Link Between Attitude and Reading Materials

However, the ability to read well is only the first step toward reading enjoyment—and that’s where educators and parents can make all the difference. EQAO data clearly demonstrate links between student attitudes toward reading and the types of reading materials students choose to read regularly and on their own time. For example, our surveys show a high correlation between the frequency of reading stories or novels and liking to read. Notably, of the Grade 6 students who said they read stories or novels outside school every day or almost every day, 83% reported the highest level of reading enjoyment. That clear correlation between reading enjoyment and the reading of stories and novels was much stronger than with any other type of reading material surveyed, including comics, graphic novels, newspapers, magazines, Web sites and even e-mail, or text and instant messages. These findings suggest that providing students with access and time to read books and stories of interest to them may be highly valuable in helping develop their joy of reading. The percentages of students who said they read the other above-mentioned types of materials and who reported the highest level of reading enjoyment are also significant, however, which underscores the importance of supporting students’ reading of various types of materials that appeal to them.

A Partnership for Providing a Well-Balanced Literacy Program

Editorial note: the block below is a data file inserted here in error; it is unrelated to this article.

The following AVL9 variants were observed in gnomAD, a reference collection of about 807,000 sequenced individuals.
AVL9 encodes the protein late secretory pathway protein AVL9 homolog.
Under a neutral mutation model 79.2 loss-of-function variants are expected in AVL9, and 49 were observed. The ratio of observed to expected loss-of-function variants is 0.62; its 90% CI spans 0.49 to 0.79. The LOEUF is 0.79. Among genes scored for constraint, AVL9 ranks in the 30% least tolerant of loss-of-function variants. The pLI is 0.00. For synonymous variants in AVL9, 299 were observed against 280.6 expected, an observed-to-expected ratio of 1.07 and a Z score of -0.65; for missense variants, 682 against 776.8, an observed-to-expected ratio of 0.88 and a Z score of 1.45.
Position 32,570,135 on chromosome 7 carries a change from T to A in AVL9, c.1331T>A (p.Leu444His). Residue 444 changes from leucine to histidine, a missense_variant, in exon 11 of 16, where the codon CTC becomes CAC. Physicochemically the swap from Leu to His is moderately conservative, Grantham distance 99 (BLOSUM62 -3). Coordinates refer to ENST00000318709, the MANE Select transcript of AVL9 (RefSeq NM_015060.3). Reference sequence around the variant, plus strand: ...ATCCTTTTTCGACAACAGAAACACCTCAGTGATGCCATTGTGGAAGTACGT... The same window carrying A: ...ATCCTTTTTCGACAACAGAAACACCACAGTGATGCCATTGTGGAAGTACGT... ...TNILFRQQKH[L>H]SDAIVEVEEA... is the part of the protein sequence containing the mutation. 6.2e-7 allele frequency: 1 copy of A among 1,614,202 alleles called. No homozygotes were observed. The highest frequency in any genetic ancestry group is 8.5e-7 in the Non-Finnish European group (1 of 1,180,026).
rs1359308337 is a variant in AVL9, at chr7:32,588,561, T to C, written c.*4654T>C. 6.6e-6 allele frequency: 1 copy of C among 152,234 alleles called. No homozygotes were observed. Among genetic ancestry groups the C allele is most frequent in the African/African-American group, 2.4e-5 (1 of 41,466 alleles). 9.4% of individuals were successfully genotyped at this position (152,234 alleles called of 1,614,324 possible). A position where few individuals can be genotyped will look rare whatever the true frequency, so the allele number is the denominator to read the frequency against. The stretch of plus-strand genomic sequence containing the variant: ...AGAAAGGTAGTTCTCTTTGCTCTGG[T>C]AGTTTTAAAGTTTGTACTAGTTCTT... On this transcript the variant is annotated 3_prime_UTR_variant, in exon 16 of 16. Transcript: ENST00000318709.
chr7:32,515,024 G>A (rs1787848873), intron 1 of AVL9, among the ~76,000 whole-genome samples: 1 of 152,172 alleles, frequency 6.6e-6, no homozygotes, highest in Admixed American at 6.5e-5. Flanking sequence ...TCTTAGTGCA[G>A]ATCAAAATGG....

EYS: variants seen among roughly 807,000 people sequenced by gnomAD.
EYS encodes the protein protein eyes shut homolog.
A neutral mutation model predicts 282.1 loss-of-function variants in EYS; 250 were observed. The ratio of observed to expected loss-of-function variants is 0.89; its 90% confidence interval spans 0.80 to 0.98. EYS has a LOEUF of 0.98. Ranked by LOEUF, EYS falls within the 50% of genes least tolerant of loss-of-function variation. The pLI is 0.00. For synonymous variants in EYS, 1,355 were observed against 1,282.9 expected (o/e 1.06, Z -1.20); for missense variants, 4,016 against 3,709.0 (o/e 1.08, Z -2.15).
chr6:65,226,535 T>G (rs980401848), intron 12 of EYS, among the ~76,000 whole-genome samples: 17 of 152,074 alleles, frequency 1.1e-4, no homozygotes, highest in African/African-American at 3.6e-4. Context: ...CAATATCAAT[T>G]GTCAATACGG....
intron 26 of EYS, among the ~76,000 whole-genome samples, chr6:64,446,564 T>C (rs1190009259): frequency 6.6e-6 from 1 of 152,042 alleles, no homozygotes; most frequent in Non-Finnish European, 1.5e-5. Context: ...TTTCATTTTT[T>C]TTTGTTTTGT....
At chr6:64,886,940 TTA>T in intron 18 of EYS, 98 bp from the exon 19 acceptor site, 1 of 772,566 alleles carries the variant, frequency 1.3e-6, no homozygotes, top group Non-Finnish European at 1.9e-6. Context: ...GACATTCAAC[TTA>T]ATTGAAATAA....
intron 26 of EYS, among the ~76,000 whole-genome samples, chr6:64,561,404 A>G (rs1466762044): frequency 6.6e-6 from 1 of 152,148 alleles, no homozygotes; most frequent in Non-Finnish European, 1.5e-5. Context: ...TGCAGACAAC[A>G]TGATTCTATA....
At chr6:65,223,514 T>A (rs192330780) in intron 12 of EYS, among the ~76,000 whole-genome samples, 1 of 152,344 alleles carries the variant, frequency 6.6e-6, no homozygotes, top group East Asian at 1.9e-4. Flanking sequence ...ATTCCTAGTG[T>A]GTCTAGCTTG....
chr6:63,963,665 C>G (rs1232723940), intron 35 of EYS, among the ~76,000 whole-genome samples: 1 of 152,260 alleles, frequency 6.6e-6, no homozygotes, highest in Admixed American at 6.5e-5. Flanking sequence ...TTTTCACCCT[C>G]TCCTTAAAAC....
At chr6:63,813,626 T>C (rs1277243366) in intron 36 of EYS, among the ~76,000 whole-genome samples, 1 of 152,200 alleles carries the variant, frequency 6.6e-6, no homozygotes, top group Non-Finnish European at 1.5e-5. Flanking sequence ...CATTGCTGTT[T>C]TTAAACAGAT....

The Ontario Curriculum states that “a well-balanced reading program should provide students with many opportunities to read for pleasure, for self-discovery, and for self-enrichment.” It is therefore important for educators and parents to pay attention to student interests and attitudes and the types of reading materials they enjoy to help guide literacy development in school and at home. Educators have increasingly been attending to this responsibility by using different types of texts in their literacy programs. Some educators, for example, conduct reading inventories with students early in the school year. The questions asked of students on these inventories help teachers plan for literacy experiences of interest throughout the year. By seeking student opinions about reading behaviour and attitudes, teachers have an opportunity to tailor their programs based on areas of interest, while ensuring access to a variety of reading materials and providing opportunities for students to choose what they read.

Equally important is the role parents can play when they understand and support their children’s reading interests. Research on students’ literacy development also continues to show the strong benefit of parents reading with their children.

All partners in our children’s and youth’s education share the responsibility of cultivating a love of reading, and this includes being attentive to attitudes and preferences. At EQAO, we are pleased that the information we provide about Ontario student learning continues to foster meaningful research and important conversations among parents, educators and policy-makers. Such use affirms the power of good information and how reliable evidence can ultimately lead to better decisions and supports for all students.